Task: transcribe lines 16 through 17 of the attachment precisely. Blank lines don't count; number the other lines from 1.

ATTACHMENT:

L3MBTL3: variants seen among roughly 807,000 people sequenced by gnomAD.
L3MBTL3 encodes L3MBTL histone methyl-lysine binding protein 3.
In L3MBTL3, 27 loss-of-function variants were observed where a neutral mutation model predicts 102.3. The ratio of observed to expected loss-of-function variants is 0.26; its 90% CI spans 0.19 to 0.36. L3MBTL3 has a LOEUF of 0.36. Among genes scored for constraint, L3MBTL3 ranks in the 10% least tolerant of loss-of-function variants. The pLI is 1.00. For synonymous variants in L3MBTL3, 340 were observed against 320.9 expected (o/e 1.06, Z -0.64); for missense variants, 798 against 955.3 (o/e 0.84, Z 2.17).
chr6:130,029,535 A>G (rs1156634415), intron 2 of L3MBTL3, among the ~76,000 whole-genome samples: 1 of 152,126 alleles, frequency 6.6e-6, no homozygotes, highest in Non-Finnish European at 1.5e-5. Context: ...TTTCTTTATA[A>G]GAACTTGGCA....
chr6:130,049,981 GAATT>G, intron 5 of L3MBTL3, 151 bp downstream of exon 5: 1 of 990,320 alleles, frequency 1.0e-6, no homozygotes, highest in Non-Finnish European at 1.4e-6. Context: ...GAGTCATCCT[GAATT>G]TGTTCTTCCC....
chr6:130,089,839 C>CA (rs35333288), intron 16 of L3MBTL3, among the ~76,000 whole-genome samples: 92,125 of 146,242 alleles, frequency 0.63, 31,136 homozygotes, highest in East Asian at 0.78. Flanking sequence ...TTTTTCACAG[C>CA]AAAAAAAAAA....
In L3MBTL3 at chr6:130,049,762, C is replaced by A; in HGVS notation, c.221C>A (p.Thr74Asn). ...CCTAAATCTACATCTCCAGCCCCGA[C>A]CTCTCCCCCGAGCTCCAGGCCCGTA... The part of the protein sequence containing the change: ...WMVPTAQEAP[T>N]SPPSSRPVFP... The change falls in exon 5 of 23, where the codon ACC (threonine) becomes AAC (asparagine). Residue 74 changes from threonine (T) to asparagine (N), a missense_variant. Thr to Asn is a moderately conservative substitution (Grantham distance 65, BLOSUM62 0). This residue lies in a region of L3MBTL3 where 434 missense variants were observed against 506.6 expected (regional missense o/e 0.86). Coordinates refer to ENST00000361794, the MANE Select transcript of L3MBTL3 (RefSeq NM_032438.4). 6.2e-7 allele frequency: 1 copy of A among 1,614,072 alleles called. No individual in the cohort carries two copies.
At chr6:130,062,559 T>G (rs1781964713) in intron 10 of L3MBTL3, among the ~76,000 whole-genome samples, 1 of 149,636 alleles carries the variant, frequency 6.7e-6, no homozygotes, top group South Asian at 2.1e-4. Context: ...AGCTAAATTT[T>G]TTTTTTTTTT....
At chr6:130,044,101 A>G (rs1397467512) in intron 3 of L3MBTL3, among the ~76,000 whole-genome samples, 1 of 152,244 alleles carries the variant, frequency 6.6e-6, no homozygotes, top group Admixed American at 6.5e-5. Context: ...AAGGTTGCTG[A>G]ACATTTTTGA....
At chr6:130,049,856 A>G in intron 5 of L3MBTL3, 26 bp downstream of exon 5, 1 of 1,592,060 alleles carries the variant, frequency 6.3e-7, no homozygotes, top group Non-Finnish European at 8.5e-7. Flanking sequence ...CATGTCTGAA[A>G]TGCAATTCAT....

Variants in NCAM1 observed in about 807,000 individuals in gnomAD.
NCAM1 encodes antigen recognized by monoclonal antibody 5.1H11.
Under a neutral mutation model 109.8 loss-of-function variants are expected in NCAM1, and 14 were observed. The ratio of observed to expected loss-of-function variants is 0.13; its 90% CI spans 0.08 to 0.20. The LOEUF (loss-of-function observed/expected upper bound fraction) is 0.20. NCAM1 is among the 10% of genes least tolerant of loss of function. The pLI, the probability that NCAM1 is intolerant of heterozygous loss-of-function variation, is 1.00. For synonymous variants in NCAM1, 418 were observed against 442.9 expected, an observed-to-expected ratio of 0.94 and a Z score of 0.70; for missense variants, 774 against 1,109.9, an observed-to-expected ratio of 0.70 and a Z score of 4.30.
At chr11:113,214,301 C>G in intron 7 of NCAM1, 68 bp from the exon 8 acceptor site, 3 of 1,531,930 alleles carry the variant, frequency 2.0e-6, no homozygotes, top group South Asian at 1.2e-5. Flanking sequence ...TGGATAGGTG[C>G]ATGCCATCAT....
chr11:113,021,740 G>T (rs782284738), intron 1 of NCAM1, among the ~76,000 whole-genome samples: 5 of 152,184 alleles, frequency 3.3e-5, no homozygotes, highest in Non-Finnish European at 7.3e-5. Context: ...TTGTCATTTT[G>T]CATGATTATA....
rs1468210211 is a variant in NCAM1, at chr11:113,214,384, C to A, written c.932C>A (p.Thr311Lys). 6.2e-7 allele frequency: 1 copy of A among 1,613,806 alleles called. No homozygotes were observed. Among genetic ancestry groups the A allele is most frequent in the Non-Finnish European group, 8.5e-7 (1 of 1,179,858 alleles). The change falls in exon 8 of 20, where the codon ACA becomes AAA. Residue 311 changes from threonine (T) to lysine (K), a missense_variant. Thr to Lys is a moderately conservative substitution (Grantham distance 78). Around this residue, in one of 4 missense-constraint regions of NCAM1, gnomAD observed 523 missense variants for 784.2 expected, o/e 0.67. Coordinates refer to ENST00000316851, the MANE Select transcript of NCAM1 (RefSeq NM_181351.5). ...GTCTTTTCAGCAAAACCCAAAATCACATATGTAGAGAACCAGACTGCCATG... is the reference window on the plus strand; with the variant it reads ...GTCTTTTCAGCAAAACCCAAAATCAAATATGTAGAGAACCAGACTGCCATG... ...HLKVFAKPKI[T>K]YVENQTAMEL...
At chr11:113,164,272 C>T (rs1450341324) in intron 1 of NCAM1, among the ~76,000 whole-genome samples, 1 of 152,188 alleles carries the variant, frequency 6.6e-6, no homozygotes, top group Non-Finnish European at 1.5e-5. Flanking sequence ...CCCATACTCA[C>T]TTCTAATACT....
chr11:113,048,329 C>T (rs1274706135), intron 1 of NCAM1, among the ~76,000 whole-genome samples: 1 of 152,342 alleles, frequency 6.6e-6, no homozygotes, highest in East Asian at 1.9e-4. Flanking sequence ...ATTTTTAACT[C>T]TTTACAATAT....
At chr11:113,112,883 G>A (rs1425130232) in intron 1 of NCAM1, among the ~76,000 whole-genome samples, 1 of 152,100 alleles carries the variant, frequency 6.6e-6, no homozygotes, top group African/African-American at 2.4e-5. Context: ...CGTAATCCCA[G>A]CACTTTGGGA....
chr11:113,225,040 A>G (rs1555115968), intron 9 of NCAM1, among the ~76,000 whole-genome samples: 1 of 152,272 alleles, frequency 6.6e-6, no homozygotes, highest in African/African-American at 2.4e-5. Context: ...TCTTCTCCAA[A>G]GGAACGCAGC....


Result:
rs1468210211 is a variant in NCAM1, at chr11:113,214,384, C to A, written c.932C>A (p.Thr311Lys). 6.2e-7 allele frequency: 1 copy of A among 1,613,806 alleles called. No homozygotes were observed. Among genetic ancestry groups the A allele is most frequent in the Non-Finnish European group, 8.5e-7 (1 of 1,179,858 alleles). The change falls in exon 8 of 20, where the codon ACA becomes AAA. Residue 311 changes from threonine (T) to lysine (K), a missense_variant. Thr to Lys is a moderately conservative substitution (Grantham distance 78). Around this residue, in one of 4 missense-constraint regions of NCAM1, gnomAD observed 523 missense variants for 784.2 expected, o/e 0.67. Coordinates refer to ENST00000316851, the MANE Select transcript of NCAM1 (RefSeq NM_181351.5). ...GTCTTTTCAGCAAAACCCAAAATCACATATGTAGAGAACCAGACTGCCATG... is the reference window on the plus strand; with the variant it reads ...GTCTTTTCAGCAAAACCCAAAATCAAATATGTAGAGAACCAGACTGCCATG... ...HLKVFAKPKI[T>K]YVENQTAMEL...
At chr11:113,164,272 C>T (rs1450341324) in intron 1 of NCAM1, among the ~76,000 whole-genome samples, 1 of 152,188 alleles carries the variant, frequency 6.6e-6, no homozygotes, top group Non-Finnish European at 1.5e-5. Flanking sequence ...CCCATACTCA[C>T]TTCTAATACT....